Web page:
For more than four decades, Ford's European arm has been taking otherwise mild-mannered models and turning them into performance monsters. Operating free of the constraints that bound pure production cars, RS has variously employed a variety of means including multi-valve heads, turbocharging, and all-wheel drive, to name just a few, in the name of squeezing out more power. Unfortunately,  we in the U.S. have largely been left out of the RS fun—until now, as the 2017 Ford Focus RS is a true world car. In celebration, we present a look back at all the RS models that paved the way. Although the RS tag wouldn't carry real clout until the arrival of the British-built Escort RS, Escort Mexico, and Capri RS, the RS story actually begins in Germany with a trio of RS (Rally Sport) models. Powered by a V-4 engine, Ford of Germany's front-wheel-drive 15M served as the basis for the first RS model in 1968. The slightly larger Ford 17M also got the RS treatment. Sitting between the 15M and 22M, it packed a Cologne-built 2.0-liter V-6 and rear-wheel drive. The Ford 20M, a more luxe version of the 17M, also was RS'd. Power came from a 2.3-liter V-6. Most RS fans consider the 1970 Ford Escort RS as the true genesis of the breed. Equipped with a 1.6-liter four engineered by Cosworth, it was one of the first roadgoing  cars to employ a four-valve-per-cylinder head. (1971 model pictured) Having debuted at the 1970 Swiss Motor Show, production of the lightweight Capri RS2600 was limited to 50 units to meet homologation requirements. Production of the streetable RS2600 started later in the year, and it was the first Ford vehicle in Europe to employ fuel injection. In 1971, Ford would sell regular Capris in the U.S as the  Mercury Capri. Inspired by Hannu Mikkola's Escort-based rally car that won the 1970 London to Mexico World Cup Rally, the Escort Mexico relied on the tried and true 1598-cc Kent overhead-valve engine in place of the 16-valve Cosworth unit that powered its RS1600 brother. Production of the Mexico was handled at Ford's A.V.O. (Advanced Vehicle Operations) factory in South Ockendon, Essex. In 1973, Ford created the Capri RS3100. Powered by the maker's Essex V-6, production was limited to 250 copies. The Escort RS2000 also made the scene in 1973. Powered by Ford's durable and long-lived Production of the MkI Escort ended in December of 1974, and the first MKII Escort to receive the RS treatment was the 115-hp RS1800. The Ford Escort RS Mexico also joined the pack in 1975. Powered by an OHV 1.6-liter four, it  offered a slightly tamer alternative to the higher-strung RS2000 that came a bit later. Shortly after the 1975 RS1800 hit the streets,  Ford launched the Escort RS2000 with a 2.0-liter SOHC four-cylinder with 110 horsepower. (1978 model pictured) In late 1980, Ford produced the Escort RS1700T prototype. As you might of guessed, the "T" stands for turbo, Ford applying forced induction to the 1.7-liter four for evaluation purposes. The project was reportedly killed after production of just 17 examples, due in part to the arrival of four-wheel drive on the rally scene as well as development difficulties. In the fall of 1981, Ford RS unleashes the Capri Turbo. Created by force-feeding air to the Blue-Oval's ubiquitous 2.8-liter V-6 by means of a turbocharger, production of the 187-hp car is said to have been limited to 200 units. Previewed in the fall of 1981, left-hand-drive versions of the the 115-hp Escort RS1600i went on sale shortly thereafter. Right-hand-drive examples went on sale in the U.K. in the spring of 1982. Power windows and locks were among the features bundled into an option package. When the 1.6-liter, turbocharged Escort RS Turbo arrived in late 1984, it featured a viscous-coupling limited-slip differential to help eliminate torque steer.   According to Ford, it was the first use of the technology in a FWD production car. This is when things got batshit crazy at the RS skunkworks. A homologation special,  the RS200 was built as a mid-engined, all-wheel-drive assault on the extreme Group B class of rally racing. Only 200 were built between 1983 and 1985—the minimum required for series certification—before the wild Group B was canceled after 1986 due to competitor deaths. Although race-tuned versions of the composite-bodied RS200 were reported to make in excess of 450 horsepower, detuned versions fitted with a 1.8-liter engine continued to compete for several years after the demise of Group B competition. Powered by a turbocharged and fuel-injected 2.0-liter four good for more than 200 horsepower, the Sierra RS Cosworth focused on pioneering aerodynamics for high-speed stability. The RS Turbo continued for 1986, incorporating aesthetic changes made to the Escort line that year. It also received mechanical and chassis tweaks that made it more suitable for piloting on the street. The Sierra RS500 Cosworth (Yanks may recognize it as a relative of the tragically misunderstood Merkur XR4Ti) took over in 1987 for the previous year's Sierra RS Cosworth. Power came from a 2.0-liter turbo four making approximately 220 horsepower. In 1988, Ford introduced a Sierra RS Cosworth sedan, referred to as the "Sapphire" in some markets. (1991 model pictured) In 1990, a four-wheel-drive version of the Sierra Cosworth/Sapphire sedan became available. The Fiesta got in on the RS fun for 1990, packing a turbocharged 1.6-liter four making just over 130 horsepower under its tiny hood. The Escort RS2000 goes on sale in late in the year with a naturally aspirated 2.0-liter four. Outfitted with Ford's latest all-wheel-drive technology, the 1992 Escort RS Cosworth combined a 227-hp, 2.0-liter turbo four with a ridiculously large (and righteously weird) rear wing. On sale in 1992, the Fiesta RS1800 replaced the previous car's turbo motor with a naturally aspirated 1.8-liter four making roughly the same power. The Escort RS2000 adds four-wheel drive and standard four-wheel disc brakes to its bag of tricks for 1993 and is built through 1995. When the Escort Cosworth disappears one year later, the RS brand doesn't produce another car for half a decade. Previewed by a concept at the 1998 Geneva motor show, the first-generation Focus RS makes its official production debut in 2001 at the same event. Cars start rolling off assembly lines in 2002, completing the return of the RS car. Although Ford displays a Fiesta RS concept in 2004, the RS badge goes into hibernation until the 2009 Focus RS. Packing a 300-hp turbocharged 2.5-liter inline five, the Focus RS's return for 2009 is glorious. It's also equipped with the innovative RevoKnuckle front-suspension design, which tames the tendency for high-powered front-wheel-drive cars to head for the nearest roadside ditch under hard acceleration. In 2010, Ford busts out the mega-bad-ass, limited-edition RS500 as a swan song for the second-gen Focus RS. All 500 examples of the 345-hp model sell out rather quickly. Behold: The 315-plus-hp, AWD third-generation Focus RS, which will be sold in America. It sports a trick AWD system, Ken Block–approved dynamics, and a version of the 2.3-liter EcoBoost four that's also installed in the current Mustang. Pardon our drool, won't you?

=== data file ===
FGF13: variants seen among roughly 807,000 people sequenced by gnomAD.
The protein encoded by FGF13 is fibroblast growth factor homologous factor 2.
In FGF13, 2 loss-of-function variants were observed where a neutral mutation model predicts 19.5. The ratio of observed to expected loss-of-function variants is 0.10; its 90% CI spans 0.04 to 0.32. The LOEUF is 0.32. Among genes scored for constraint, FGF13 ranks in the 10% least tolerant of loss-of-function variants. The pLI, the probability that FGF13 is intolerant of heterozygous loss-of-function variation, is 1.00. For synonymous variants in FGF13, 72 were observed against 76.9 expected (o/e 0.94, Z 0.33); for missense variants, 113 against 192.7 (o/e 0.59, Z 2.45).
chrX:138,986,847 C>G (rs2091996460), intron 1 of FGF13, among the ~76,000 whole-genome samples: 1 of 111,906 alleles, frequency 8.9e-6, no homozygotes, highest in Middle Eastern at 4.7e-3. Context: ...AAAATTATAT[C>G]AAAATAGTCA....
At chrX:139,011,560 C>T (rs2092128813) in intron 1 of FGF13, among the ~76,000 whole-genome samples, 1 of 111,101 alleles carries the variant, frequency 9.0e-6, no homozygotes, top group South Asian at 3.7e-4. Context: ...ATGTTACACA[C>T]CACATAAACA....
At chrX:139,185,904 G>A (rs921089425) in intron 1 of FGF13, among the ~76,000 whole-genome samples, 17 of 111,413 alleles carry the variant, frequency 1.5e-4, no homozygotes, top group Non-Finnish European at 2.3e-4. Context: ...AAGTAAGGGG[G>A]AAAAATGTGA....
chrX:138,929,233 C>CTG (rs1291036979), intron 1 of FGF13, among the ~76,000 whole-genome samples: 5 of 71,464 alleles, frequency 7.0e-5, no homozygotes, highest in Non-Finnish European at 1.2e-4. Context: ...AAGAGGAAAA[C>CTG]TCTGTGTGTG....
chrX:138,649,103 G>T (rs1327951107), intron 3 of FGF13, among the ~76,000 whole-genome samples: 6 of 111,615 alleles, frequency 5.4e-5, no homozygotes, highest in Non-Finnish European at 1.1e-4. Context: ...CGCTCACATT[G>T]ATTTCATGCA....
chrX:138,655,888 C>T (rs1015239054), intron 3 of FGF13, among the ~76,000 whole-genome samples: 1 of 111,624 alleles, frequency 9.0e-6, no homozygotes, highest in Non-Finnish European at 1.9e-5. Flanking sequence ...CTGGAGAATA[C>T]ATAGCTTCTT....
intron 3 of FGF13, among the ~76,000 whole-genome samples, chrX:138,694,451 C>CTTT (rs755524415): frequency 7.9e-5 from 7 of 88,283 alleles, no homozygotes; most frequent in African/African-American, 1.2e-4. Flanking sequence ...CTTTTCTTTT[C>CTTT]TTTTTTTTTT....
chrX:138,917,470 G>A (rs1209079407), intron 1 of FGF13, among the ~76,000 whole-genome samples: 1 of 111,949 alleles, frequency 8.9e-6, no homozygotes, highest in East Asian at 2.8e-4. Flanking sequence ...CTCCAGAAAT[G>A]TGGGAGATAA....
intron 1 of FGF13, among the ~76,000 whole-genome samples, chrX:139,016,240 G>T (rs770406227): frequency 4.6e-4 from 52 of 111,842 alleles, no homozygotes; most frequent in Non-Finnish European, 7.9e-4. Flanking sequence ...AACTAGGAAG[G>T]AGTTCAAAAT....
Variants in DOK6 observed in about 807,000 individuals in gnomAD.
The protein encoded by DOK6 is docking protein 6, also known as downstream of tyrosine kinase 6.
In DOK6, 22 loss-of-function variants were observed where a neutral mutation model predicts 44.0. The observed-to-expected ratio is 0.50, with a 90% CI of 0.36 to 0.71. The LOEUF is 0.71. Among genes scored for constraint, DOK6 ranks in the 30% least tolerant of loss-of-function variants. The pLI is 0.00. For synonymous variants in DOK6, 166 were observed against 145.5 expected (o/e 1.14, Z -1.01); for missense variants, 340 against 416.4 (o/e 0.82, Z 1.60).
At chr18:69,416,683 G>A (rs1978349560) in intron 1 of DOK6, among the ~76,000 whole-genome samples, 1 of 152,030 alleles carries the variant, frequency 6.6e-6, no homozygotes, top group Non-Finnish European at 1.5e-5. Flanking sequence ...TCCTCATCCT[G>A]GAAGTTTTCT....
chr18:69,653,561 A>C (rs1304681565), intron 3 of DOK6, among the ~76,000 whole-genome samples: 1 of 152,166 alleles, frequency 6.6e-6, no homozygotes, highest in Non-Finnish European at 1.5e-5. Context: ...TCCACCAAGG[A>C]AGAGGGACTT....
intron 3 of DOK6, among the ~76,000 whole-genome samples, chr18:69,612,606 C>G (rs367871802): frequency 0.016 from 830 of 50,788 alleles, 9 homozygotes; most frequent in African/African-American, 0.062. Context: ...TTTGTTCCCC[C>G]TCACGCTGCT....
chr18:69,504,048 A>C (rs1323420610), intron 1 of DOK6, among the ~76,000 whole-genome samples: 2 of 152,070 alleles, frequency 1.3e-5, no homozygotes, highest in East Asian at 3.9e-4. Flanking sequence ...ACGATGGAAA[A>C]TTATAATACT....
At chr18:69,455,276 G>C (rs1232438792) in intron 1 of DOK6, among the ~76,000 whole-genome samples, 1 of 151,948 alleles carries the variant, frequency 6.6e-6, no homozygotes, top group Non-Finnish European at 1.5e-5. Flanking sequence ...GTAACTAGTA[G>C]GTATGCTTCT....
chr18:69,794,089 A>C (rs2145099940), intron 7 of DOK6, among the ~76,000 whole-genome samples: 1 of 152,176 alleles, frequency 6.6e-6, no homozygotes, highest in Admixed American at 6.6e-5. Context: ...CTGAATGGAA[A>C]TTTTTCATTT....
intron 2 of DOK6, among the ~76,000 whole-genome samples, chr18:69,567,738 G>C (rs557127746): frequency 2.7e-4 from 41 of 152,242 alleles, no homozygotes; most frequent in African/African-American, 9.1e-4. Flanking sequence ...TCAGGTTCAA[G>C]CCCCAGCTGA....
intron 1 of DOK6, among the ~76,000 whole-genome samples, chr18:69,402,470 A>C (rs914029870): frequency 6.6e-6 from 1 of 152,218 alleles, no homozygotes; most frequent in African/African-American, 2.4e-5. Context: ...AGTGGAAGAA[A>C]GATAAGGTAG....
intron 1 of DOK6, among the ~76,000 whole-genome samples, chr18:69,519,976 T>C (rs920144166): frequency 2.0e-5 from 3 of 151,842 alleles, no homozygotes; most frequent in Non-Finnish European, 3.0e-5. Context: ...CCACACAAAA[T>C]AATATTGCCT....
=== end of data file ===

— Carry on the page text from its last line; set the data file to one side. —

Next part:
from Car and Driver Blog